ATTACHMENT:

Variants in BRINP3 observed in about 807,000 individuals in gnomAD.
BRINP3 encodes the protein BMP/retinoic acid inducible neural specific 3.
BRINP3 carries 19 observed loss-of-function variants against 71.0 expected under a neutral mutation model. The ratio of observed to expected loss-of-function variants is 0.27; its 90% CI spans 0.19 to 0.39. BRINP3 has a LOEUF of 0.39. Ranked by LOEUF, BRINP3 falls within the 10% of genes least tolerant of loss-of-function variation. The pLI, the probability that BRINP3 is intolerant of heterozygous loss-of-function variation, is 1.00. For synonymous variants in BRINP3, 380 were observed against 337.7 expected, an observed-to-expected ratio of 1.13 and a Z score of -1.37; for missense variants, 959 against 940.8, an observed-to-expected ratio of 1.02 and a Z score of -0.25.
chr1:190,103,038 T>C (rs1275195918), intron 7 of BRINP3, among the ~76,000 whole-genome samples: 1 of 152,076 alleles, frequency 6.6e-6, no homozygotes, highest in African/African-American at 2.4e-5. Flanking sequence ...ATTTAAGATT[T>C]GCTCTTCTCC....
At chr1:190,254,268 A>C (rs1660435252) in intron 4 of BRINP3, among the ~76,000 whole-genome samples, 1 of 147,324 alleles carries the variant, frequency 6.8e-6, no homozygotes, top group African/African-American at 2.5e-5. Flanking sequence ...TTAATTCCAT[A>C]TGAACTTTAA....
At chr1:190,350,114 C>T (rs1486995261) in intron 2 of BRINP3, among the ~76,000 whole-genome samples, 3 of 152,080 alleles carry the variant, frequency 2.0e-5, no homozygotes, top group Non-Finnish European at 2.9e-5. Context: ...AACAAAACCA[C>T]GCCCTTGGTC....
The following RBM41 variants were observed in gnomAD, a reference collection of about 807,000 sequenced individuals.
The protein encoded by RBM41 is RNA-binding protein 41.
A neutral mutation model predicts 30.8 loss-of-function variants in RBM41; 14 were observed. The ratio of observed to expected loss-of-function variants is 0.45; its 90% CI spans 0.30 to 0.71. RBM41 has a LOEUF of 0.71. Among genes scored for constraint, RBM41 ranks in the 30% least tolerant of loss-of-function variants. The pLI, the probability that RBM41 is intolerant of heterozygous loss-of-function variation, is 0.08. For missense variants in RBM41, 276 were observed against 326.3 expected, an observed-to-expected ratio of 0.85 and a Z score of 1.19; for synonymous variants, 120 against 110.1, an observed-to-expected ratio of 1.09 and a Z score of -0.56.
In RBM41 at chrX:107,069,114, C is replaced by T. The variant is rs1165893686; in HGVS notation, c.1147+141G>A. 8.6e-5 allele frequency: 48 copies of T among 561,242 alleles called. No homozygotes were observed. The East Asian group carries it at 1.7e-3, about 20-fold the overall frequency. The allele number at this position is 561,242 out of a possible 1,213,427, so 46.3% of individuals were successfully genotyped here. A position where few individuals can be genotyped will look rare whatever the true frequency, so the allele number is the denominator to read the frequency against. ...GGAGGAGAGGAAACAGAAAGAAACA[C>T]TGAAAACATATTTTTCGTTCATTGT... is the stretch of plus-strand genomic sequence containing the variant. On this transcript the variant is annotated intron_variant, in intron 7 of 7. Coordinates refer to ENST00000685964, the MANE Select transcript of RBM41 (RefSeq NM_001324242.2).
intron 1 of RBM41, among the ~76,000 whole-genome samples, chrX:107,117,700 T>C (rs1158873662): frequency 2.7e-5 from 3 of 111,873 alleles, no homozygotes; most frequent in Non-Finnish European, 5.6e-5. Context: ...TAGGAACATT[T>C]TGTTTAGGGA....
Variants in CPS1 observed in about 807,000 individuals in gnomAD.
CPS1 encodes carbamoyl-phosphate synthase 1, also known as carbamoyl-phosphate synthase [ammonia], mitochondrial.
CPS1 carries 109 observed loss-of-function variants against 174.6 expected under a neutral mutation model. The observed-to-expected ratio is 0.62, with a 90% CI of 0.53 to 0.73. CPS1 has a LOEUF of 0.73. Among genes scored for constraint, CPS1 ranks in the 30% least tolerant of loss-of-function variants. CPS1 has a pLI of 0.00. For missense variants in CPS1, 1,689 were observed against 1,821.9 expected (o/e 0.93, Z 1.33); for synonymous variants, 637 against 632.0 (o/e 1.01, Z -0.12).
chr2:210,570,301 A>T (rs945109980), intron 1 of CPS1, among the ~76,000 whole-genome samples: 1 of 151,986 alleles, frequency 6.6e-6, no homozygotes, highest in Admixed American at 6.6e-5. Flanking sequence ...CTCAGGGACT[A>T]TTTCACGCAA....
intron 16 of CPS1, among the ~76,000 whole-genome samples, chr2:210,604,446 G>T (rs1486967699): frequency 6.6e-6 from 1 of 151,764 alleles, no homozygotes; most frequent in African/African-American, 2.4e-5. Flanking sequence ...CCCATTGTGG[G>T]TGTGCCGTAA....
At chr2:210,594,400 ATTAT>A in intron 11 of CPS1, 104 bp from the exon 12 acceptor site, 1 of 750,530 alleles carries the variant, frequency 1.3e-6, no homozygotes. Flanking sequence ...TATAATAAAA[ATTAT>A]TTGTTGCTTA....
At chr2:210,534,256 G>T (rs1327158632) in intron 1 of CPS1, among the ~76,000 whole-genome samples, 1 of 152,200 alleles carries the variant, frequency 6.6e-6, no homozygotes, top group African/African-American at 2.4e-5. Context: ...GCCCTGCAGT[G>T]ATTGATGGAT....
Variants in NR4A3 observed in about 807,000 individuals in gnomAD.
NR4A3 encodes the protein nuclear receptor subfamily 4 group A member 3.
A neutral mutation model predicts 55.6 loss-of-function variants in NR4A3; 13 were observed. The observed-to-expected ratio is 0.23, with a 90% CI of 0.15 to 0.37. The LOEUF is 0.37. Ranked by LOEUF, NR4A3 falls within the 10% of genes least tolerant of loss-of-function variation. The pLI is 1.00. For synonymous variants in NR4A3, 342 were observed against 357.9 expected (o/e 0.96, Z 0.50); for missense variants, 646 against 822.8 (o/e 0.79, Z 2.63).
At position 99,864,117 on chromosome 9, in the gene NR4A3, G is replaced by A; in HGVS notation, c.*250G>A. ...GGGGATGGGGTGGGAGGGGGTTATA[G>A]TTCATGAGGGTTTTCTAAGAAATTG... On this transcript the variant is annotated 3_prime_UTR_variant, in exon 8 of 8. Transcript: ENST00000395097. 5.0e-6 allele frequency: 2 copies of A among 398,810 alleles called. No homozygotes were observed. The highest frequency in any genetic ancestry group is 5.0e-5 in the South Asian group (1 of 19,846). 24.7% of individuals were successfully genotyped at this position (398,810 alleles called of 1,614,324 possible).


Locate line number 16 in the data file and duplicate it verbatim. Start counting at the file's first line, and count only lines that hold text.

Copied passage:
intron 16 of CPS1, among the ~76,000 whole-genome samples, chr2:210,604,446 G>T (rs1486967699): frequency 6.6e-6 from 1 of 151,764 alleles, no homozygotes; most frequent in African/African-American, 2.4e-5. Flanking sequence ...CCCATTGTGG[G>T]TGTGCCGTAA....